common problems with parallel loops and their solutions - C#. NET

Take a look at the following sections for the common problems with parallel loops and their solutions.

Synchronization in Loop Bodies
A synchronization primitive is used to coordinate access to a shared variable, typically a result. Performance is significantly reduced because the tasks performing the loop body must wait to acquire the primitive on each loop body iteration.

Solution
Use TLS instead of a synchronization primitive

Example
The following example uses the lock keyword to synchronize access to a double value used to keep a running total shared between iterations of the loop body:

Loop Body Data Races
A variation of the previous problem is to share data in the loop body without synchronization. This doesn’t have the performance impact of using synchronization but creates a data race instead.

Solution
Use TLS as shown.

Example
The following example shows a data race where an unexpected result is generated by sharing a data value across iterations of the loop body.

Using Standard Collections
Results generated from a parallel loop body are placed in a normal collection, as opposed to one from the System.Collections.Concurrent namespace. These collections are liable to suffer from data races when used in parallel programming and will either throw exceptions or contain unexpected results.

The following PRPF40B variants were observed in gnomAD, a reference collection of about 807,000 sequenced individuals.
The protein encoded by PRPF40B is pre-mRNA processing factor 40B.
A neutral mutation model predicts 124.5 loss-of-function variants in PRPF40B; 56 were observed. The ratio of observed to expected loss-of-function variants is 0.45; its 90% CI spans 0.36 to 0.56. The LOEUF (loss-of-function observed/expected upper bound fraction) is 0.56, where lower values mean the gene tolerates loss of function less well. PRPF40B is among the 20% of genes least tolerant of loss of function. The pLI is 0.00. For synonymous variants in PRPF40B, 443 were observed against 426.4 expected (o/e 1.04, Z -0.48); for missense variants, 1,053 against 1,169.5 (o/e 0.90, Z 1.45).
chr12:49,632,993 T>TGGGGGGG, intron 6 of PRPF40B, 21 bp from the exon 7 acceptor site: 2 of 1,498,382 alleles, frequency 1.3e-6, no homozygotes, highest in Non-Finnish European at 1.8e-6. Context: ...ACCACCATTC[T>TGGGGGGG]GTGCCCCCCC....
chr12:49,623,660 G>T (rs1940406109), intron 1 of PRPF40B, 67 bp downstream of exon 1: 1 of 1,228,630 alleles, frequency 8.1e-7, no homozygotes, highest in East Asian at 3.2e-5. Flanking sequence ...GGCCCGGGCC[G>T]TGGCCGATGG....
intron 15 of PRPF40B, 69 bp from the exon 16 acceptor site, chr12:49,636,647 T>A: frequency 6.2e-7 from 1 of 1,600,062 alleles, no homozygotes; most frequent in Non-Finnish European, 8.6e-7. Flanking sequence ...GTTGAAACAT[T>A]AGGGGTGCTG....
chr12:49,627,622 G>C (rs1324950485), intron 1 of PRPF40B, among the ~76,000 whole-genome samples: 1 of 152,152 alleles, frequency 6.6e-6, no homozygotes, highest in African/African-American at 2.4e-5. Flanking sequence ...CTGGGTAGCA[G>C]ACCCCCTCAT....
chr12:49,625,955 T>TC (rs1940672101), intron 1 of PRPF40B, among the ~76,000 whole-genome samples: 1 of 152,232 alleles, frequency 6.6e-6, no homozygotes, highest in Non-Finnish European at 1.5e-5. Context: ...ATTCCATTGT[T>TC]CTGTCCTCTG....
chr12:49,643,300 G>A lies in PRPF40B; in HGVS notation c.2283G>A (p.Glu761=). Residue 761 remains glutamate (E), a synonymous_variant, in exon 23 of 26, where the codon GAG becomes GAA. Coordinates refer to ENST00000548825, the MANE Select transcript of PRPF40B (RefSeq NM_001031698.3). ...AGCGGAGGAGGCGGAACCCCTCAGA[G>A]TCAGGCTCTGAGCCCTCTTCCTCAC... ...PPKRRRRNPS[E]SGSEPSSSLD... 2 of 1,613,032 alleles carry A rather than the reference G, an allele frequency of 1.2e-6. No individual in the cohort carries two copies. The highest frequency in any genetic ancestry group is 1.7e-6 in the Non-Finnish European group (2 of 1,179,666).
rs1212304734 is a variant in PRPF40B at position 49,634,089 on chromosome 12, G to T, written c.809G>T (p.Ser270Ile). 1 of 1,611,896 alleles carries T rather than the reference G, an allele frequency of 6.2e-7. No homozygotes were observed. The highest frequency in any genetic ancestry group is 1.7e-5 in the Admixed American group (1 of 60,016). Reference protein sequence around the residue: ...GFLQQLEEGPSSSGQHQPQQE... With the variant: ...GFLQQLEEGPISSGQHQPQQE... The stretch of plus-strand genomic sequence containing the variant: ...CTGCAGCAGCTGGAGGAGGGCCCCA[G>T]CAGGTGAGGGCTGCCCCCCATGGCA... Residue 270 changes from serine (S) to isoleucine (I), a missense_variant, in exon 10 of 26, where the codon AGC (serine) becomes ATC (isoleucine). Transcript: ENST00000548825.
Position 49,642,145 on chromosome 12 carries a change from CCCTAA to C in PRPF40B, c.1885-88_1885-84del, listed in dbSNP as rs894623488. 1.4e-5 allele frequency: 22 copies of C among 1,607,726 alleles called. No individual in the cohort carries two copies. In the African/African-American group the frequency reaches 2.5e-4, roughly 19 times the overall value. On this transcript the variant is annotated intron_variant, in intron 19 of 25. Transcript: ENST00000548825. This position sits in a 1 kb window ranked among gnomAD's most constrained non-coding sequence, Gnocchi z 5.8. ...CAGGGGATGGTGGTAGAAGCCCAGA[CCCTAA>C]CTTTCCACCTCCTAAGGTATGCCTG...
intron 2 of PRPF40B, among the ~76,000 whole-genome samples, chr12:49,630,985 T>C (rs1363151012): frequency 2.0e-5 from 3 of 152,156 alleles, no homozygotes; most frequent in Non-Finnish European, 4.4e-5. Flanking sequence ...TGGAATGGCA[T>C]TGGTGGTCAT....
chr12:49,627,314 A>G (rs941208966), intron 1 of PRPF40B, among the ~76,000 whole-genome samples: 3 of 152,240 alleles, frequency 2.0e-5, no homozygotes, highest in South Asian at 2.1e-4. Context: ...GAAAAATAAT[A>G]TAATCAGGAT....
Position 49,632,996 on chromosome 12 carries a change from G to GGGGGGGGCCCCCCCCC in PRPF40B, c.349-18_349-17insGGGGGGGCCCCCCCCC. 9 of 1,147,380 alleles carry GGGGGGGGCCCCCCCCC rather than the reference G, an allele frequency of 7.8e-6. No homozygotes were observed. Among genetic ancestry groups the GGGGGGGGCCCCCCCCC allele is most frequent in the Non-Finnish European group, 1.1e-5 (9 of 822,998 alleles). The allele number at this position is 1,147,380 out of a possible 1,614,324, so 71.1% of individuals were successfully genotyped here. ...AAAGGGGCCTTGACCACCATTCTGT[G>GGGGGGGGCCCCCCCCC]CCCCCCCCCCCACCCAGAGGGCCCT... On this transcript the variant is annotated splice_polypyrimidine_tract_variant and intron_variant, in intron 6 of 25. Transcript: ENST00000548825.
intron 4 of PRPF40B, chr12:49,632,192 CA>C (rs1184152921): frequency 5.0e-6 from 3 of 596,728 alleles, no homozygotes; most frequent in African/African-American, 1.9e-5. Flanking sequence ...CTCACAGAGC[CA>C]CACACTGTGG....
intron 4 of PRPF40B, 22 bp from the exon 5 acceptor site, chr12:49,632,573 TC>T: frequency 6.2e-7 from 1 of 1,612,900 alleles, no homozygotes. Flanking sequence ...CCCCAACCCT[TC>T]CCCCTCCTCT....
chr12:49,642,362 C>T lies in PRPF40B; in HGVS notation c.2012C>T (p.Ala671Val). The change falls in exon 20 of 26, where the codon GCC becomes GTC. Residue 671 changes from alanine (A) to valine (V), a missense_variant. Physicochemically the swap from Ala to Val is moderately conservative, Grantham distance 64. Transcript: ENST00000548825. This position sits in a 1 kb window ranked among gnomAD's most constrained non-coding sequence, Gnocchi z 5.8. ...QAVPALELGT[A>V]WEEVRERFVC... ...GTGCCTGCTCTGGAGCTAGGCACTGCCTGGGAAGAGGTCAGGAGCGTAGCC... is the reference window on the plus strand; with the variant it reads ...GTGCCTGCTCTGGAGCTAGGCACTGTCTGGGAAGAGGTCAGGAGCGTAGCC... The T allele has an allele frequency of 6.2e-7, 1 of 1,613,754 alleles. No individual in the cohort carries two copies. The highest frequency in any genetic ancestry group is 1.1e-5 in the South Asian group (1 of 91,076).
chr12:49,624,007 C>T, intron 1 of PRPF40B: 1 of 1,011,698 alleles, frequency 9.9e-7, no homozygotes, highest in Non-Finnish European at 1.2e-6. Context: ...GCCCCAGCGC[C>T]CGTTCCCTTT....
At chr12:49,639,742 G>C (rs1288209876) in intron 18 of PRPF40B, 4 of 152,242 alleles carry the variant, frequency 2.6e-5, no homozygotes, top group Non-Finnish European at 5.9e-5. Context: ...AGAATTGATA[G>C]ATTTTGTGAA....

Solution
Always use collections from the System.Collections.Concurrent namespace.

Example
The following example illustrates this problem by using a loop body that adds items to an instance of System.Collections.Generic.List. Running the example will either result in an unexpected number of items in the result collection or an exception when the state of the list is modified by two Tasks at once.

Using Changing Data
A parallel loop is used to consume data that is still being produced or modified. Unexpected results will occur because not all of the data items or unexpected values will be processed.

Solution
Avoid working with data that is being changed elsewhere. If you need to process data as it is being produced, you must implement a custom partitioner that will continue to push data to the parallel loop Tasks as it becomes available.

Example
The following example shows a Task that periodically adds an item to a List. A Parallel.ForEach loop processes the same List. However, because the contents are partitioned when the parallel loop starts, any items that the Task adds after that point are not processed.


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